• Solana is a blockchain platform designed for decentralized applications and crypto projects.
  • The network distinguishes itself with a combination of Proof of History (PoH) and Proof of Stake (PoS) consensus mechanisms. 

Solana, founded in 2020 by Anatoly Yakovenko, stands out as a high-performance blockchain designed for decentralized applications (DApps) and crypto projects.

What is Solana (SOL)? 

Solana is a high-performance blockchain platform designed for decentralized applications (DApps) and crypto projects. The project was founded by Anatoly Yakovenko in 2020. 

It aims to provide fast and cost-effective transactions by using a unique consensus mechanism called Proof of History (PoH) in combination with Proof of Stake (PoS). High throughput, low transaction cost, smart contracts, and ecosystem and projects are some key features. 

SOL is the native cryptocurrency of the Solana blockchain. It is used for various purposes within the Solana ecosystem, including transaction fees, staking, and participation in the network’s governance. 

Network Design 

The system design involves a Leader node generating a PoH sequence for global read consistency. The Leader efficiently sequences user messages, executes transactions, and publishes them with a state signature to Verifiers. 

Source: Solana Whitepaper

Verifiers independently execute transactions, and publish state signatures as confirmations, serving as votes for consensus. In a non-partitioned state, one Leader exists, and Verifiers, with PoS-based elections, can become Leaders. 

The design prioritizes Consistency over Availability in the CAP theorem, proposing a recovery mechanism for network control in case of partition.

System Architecture

The system architecture of the Solana blockchain was constructed using five main components which are as follows:

Components: The Leader, an elected Proof of History generator, processes user transactions, generating a unique global order. It outputs a Proof of History sequence and signs the resulting state. The validator and verifier are other significant components. 

Network Limits: The Leader efficiently sequences incoming user packets, forming a Proof of History sequence. On a 1gbps network, the maximum possible transactions are 710k tps, considering Ethernet framing loss.

Computational Limits: Transaction throughput is limited by available system cores. GPU-based ECDSA verification servers show experimental results of 900k operations per second.

Memory Limits: Naive state implementation theoretically accommodates 10 billion accounts in 640GB. Steady-state random access measures 2.75m transactions per second.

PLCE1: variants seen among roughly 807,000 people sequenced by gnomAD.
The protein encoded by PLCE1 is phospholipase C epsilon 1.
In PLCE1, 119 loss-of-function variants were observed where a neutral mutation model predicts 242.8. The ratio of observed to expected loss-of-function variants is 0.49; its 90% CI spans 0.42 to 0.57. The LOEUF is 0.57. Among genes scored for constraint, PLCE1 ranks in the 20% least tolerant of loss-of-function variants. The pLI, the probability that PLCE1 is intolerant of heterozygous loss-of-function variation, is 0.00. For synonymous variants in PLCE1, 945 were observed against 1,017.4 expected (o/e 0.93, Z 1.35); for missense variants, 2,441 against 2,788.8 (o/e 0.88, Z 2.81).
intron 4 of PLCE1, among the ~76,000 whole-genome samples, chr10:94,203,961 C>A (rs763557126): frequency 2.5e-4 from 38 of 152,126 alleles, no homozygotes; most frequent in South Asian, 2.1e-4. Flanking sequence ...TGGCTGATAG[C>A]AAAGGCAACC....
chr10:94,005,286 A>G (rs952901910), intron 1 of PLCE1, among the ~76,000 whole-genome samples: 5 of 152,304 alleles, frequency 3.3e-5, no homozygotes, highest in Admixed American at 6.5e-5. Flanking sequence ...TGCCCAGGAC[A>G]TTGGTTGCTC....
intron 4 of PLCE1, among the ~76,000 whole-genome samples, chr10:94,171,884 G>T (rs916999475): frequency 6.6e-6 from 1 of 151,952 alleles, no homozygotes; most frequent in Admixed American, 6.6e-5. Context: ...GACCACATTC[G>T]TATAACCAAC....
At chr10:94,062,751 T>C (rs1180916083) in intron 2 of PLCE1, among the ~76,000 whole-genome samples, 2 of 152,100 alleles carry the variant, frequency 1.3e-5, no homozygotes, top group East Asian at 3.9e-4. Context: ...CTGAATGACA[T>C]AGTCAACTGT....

High-Performance Smart Contracts: Smart contracts use Berkeley Packet Filter bytecode, enabling a zero-cost Foreign Function Interface. Batching intrinsic calls, such as ECDSA verification, on the GPU significantly increases throughput.   

Consensus mechanism

Proof-of-History: Proof of History (PoH) is a cryptographic technique designed to provide a verifiable and secure sequence that represents the passage of time between events in a system. It serves as a mechanism for creating a timestamped, immutable record of events within a decentralized network or blockchain.

The mechanism utilizes a secure function, executed sequentially on a single core, ensuring unpredictable output. Starting from a random value, it runs a hash function, and records outputs and call count. 

The mechanism generates 4000 hashes per second with minimal data overhead and in combination with Proof of Replication, it defends both space and time against forged ledgers.

Proof of Stake Consensus: Proof of Stake (PoS) is a consensus algorithm used in blockchain networks to achieve agreement on the state of the blockchain. 

Unlike traditional Proof of Work (PoW) algorithms, where participants (miners) compete to solve complex mathematical problems to validate transactions and create new blocks, PoS relies on validators who are chosen to create new blocks and validate transactions based on the amount of cryptocurrency they hold and are willing to “stake” as collateral.

The process involves bonding transactions, voting through signatures, unbonding for stale votes, and elections triggered by generator failure, runtime exceptions, or network timeouts.

To avoid the “tragedy of commons,” the PoH generator injects occasional invalid hashes. Collusion with the generator or censorship can be countered dynamically, and the protocol defends against long-range attacks.

Streaming Proof of Replication: Proof of Replication (PoRep) is a concept in blockchain and distributed ledger systems that aims to ensure data integrity and security by verifying that a participant in the network has dedicated resources to store a specific piece of data.

The data set is fully encrypted, and proofs are generated by selecting random slices from each block using a key-seeded pseudorandom number generator.

Verification occurs efficiently, and key rotation ensures uniqueness tied to Proof of History sequences. The system defends against spam, partial erasure, collusion, denial of service, and the tragedy of commons.


Solana’s innovative approach to blockchain transactions, combining PoH and PoS, positions it as a game-changer in the decentralized space. With high throughput, low costs, and smart contract support, Solana addresses key challenges in the blockchain ecosystem.


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